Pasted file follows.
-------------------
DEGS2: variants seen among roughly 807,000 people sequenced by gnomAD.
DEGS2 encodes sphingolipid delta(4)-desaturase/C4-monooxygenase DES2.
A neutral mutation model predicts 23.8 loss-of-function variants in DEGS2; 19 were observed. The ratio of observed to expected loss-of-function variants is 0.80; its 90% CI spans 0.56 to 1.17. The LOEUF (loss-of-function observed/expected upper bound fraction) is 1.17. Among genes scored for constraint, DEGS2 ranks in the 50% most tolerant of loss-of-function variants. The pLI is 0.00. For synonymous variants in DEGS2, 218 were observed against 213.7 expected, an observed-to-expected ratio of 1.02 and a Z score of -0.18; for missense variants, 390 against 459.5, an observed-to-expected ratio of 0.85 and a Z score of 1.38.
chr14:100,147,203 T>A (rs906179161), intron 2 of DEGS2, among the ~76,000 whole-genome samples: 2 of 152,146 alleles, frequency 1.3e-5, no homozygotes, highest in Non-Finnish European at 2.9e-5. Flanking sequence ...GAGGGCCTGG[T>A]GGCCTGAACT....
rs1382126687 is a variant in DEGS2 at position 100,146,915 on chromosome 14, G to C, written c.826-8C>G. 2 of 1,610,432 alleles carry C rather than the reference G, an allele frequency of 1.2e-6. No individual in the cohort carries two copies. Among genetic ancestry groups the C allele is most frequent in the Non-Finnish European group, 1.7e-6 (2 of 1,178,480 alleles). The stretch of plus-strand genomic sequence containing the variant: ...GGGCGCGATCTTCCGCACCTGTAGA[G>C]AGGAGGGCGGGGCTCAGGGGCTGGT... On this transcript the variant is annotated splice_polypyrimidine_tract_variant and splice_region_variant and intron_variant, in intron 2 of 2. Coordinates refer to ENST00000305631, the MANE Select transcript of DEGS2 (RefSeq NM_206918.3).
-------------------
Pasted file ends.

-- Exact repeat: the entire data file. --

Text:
DEGS2: variants seen among roughly 807,000 people sequenced by gnomAD.
DEGS2 encodes sphingolipid delta(4)-desaturase/C4-monooxygenase DES2.
A neutral mutation model predicts 23.8 loss-of-function variants in DEGS2; 19 were observed. The ratio of observed to expected loss-of-function variants is 0.80; its 90% CI spans 0.56 to 1.17. The LOEUF (loss-of-function observed/expected upper bound fraction) is 1.17. Among genes scored for constraint, DEGS2 ranks in the 50% most tolerant of loss-of-function variants. The pLI is 0.00. For synonymous variants in DEGS2, 218 were observed against 213.7 expected, an observed-to-expected ratio of 1.02 and a Z score of -0.18; for missense variants, 390 against 459.5, an observed-to-expected ratio of 0.85 and a Z score of 1.38.
chr14:100,147,203 T>A (rs906179161), intron 2 of DEGS2, among the ~76,000 whole-genome samples: 2 of 152,146 alleles, frequency 1.3e-5, no homozygotes, highest in Non-Finnish European at 2.9e-5. Flanking sequence ...GAGGGCCTGG[T>A]GGCCTGAACT....
rs1382126687 is a variant in DEGS2 at position 100,146,915 on chromosome 14, G to C, written c.826-8C>G. 2 of 1,610,432 alleles carry C rather than the reference G, an allele frequency of 1.2e-6. No individual in the cohort carries two copies. Among genetic ancestry groups the C allele is most frequent in the Non-Finnish European group, 1.7e-6 (2 of 1,178,480 alleles). The stretch of plus-strand genomic sequence containing the variant: ...GGGCGCGATCTTCCGCACCTGTAGA[G>C]AGGAGGGCGGGGCTCAGGGGCTGGT... On this transcript the variant is annotated splice_polypyrimidine_tract_variant and splice_region_variant and intron_variant, in intron 2 of 2. Coordinates refer to ENST00000305631, the MANE Select transcript of DEGS2 (RefSeq NM_206918.3).